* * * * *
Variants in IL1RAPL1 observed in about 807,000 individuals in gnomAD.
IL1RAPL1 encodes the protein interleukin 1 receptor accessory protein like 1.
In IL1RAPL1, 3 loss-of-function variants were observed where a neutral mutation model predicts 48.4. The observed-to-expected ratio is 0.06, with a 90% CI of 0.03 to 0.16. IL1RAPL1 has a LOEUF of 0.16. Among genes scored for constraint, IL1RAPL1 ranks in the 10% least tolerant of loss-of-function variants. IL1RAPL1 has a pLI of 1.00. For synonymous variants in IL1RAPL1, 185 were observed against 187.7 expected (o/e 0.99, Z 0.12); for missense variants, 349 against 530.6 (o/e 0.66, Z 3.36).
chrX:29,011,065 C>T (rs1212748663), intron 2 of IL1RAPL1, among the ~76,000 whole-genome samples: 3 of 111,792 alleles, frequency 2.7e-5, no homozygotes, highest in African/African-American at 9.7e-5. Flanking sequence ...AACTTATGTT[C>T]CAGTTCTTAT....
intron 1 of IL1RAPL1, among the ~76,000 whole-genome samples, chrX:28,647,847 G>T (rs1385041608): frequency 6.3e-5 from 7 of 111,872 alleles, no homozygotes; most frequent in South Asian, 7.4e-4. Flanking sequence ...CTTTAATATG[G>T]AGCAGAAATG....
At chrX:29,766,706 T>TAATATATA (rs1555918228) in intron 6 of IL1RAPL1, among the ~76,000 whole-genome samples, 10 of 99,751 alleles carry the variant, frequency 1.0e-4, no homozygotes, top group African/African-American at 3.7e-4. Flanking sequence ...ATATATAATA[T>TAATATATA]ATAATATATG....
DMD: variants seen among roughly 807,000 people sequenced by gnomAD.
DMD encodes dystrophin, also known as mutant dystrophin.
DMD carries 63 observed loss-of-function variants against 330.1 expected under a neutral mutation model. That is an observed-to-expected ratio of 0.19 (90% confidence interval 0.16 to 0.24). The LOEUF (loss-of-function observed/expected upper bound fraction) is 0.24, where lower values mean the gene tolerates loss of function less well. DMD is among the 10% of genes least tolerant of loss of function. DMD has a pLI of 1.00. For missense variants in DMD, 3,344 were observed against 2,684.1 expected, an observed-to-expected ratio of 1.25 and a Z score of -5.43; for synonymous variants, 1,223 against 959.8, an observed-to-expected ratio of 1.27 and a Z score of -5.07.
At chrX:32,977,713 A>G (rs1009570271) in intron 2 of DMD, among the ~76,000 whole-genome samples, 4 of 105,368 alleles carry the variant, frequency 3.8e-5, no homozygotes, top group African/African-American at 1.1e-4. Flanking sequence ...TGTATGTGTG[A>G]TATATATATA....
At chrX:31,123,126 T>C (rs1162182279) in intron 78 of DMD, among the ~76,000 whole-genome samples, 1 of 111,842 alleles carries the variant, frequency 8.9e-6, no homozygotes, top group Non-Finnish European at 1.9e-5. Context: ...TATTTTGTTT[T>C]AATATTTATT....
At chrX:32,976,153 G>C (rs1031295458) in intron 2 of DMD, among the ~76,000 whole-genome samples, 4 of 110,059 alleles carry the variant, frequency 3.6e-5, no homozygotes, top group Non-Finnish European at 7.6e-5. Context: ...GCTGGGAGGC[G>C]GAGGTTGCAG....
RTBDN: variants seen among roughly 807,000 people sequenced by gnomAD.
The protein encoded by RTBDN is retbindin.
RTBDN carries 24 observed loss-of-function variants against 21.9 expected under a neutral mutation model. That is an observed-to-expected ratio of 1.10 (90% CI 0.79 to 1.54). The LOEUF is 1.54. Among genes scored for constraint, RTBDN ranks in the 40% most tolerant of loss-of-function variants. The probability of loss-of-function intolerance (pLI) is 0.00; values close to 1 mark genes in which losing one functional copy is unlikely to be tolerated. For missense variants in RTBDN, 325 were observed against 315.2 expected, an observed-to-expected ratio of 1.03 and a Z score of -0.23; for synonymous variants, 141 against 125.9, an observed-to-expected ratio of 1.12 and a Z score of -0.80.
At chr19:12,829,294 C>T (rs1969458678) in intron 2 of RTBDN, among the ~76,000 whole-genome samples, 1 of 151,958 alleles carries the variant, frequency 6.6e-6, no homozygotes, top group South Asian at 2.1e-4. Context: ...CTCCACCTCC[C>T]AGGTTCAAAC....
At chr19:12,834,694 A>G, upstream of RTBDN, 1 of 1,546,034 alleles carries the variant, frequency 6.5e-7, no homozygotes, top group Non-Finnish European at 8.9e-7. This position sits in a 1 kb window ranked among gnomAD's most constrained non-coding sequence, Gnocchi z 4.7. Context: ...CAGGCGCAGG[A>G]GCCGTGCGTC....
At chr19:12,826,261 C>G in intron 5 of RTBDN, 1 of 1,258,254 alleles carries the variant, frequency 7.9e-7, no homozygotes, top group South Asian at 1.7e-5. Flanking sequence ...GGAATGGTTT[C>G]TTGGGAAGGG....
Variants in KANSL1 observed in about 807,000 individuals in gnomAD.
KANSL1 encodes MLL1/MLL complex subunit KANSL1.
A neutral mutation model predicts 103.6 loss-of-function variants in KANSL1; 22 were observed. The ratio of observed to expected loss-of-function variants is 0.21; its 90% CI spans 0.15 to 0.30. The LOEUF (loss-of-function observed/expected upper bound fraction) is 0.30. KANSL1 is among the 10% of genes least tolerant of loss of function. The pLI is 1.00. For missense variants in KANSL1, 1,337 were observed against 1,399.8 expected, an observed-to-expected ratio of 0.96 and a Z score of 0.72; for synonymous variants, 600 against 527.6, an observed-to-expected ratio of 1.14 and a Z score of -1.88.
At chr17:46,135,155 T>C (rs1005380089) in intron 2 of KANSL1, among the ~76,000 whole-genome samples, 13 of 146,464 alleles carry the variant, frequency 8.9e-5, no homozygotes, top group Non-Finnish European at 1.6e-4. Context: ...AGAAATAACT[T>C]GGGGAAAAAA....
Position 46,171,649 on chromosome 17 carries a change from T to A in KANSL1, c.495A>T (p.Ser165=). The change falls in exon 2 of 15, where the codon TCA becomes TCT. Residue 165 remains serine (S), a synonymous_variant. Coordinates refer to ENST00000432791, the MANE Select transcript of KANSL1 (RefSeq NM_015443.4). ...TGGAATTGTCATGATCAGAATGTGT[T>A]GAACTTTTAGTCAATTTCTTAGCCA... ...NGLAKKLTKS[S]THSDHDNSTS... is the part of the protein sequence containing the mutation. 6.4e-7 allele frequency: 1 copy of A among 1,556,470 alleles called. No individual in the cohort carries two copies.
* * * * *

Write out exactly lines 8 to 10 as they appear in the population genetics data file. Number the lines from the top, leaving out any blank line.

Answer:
DMD encodes dystrophin, also known as mutant dystrophin.
DMD carries 63 observed loss-of-function variants against 330.1 expected under a neutral mutation model. That is an observed-to-expected ratio of 0.19 (90% confidence interval 0.16 to 0.24). The LOEUF (loss-of-function observed/expected upper bound fraction) is 0.24, where lower values mean the gene tolerates loss of function less well. DMD is among the 10% of genes least tolerant of loss of function. DMD has a pLI of 1.00. For missense variants in DMD, 3,344 were observed against 2,684.1 expected, an observed-to-expected ratio of 1.25 and a Z score of -5.43; for synonymous variants, 1,223 against 959.8, an observed-to-expected ratio of 1.27 and a Z score of -5.07.
At chrX:32,977,713 A>G (rs1009570271) in intron 2 of DMD, among the ~76,000 whole-genome samples, 4 of 105,368 alleles carry the variant, frequency 3.8e-5, no homozygotes, top group African/African-American at 1.1e-4. Flanking sequence ...TGTATGTGTG[A>G]TATATATATA....